(Videos may or may not play on iPads; this is a recurrent problem with blogger blogs and iOS. Reading on a computer is recommended.)
Wall hooks are great for holding up pictures as long as gravity is free to do its job. However, during earthquakes when the wall is shaking up and down, pictures have an annoying and sometimes destructive tendency to jump off of the hooks and come crashing down. (Although amazingly, some of them stayed on their hooks during the great 1906 San Francisco earthquake.) When it comes to preventing pictures from jumping off of their hooks, the gold standard is the “maze” pictures hooks that trap the wire in a zigzag slot. I’ve written about these terrific but simple devices before. However, the maze picture hooks have some disadvantages. They still allow the picture to jump around a lot, potentially causing other problems (I tend to put dabs of quake putty at the lower corners to stabilize them). Furthermore, these plastic hooks are so thick that they cause the picture to lean forward at an extreme angle, especially smaller pictures. This is also somewhat ameliorated by the thick gobs of quake putty to push the lower corners away from the wall but then the whole picture is sticking out rather than being flush with the wall (see the example photos of some pictures in my home). (However, the putty can leave shiny marks on matte flat wall paint.)
I’ve been experimenting recently with 3M's Command Picture Hanging Strips that are essentially a version of Velcro composed of two identical rows of interlocking plastic hooks, on those amazing now-you-stick-it-now-you-don’t adhesive strips that lose their adhesion when you pull the tab. They are nice because the picture is flush against the wall rather than hanging out at the top (see example photos below of more pictures in my home). They also have the advantage of not requiring any holes in the wall, a bonus for renters and for anyone who likes to keep their walls intact. These are extremely strong and advertise that four pairs of large strips will hold up a 16 lb picture. However, I presume this rating applies to vertical stability on stationary walls, so what would happen if the wall was shaking violently in an earthquake?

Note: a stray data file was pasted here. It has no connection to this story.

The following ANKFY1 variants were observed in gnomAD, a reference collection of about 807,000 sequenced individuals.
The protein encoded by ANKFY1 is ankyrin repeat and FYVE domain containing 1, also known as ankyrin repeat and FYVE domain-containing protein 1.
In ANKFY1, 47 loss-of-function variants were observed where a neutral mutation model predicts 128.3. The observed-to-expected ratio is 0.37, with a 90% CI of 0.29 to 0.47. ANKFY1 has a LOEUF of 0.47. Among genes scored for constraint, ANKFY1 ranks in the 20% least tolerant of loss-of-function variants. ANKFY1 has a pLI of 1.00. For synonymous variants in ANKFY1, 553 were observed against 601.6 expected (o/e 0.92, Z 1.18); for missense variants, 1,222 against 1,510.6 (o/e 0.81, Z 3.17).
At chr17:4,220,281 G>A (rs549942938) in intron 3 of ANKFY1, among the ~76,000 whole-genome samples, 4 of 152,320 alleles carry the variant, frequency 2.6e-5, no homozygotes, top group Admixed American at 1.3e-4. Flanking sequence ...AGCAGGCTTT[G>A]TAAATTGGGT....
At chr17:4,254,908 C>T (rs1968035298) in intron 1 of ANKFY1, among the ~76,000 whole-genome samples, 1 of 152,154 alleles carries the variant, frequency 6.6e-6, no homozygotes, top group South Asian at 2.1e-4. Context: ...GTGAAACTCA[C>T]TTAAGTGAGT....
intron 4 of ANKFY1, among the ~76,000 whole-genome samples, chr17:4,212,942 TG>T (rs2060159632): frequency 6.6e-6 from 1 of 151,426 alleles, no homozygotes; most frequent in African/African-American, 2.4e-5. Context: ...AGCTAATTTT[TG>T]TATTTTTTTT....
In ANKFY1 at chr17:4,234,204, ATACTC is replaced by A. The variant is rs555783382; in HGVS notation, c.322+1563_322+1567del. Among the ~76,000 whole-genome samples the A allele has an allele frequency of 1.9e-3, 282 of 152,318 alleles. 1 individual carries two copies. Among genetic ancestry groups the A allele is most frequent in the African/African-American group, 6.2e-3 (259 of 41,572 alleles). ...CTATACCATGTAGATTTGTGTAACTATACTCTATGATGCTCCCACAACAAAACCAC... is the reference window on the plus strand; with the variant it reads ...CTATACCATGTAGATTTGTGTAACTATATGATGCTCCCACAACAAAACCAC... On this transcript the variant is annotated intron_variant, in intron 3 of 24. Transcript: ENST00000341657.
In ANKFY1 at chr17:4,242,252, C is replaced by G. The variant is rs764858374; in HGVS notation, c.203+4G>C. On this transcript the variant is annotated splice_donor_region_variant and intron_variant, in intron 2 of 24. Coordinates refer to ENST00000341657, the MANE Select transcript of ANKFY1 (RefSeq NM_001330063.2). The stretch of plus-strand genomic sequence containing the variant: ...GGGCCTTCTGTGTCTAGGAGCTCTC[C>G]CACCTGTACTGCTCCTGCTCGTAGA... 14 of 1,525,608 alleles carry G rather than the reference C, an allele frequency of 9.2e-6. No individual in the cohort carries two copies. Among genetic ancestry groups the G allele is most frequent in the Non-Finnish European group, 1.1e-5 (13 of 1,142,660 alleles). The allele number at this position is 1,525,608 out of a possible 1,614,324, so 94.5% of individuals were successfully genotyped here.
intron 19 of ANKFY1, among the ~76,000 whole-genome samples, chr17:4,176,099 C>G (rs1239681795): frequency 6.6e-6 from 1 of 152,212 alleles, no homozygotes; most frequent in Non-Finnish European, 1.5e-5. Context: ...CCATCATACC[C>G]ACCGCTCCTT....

it can go to 11, but I didn’t want to sprain my elbow.)
First of all, here’s how the experiment was done. I wanted to come as close as I could to the actual situation of a picture hung on my wall. If these strips could fail, it could be where one half of the mutant Velcro meets its other half, or it could be where the whole assembly meets the picture or the wall. Therefore, I actually went to the hardware store, bought a real piece of drywall, painted it with a primer coat and then the same flat interior wall paint that I have on the walls of my home.
The first thing to try was to nail a standard picture hook into the wall and put a relatively light picture with a wire on the hook, and...ARMQUAKE! Watch the video and see what happens to all these pictures on hooks in an earthquake. If the result surprises you, well... please read every other article in my blog, you need this!
Then I nailed a maze picture hook into the wall and put the same picture on there. ARMQUAKE! Hey, the picture is still there! Good thing this actually works. However, it certainly bounced around, and as I mentioned, the maze hook has the disadvantage of pushing relatively small frames far out from the wall at their tops, leading to a very tilted picture that might be annoying to some. (By the way, the fact that I’m mostly out of the picture in these videos is not an amateur mistake on my part; I’m not the important part of the videos!)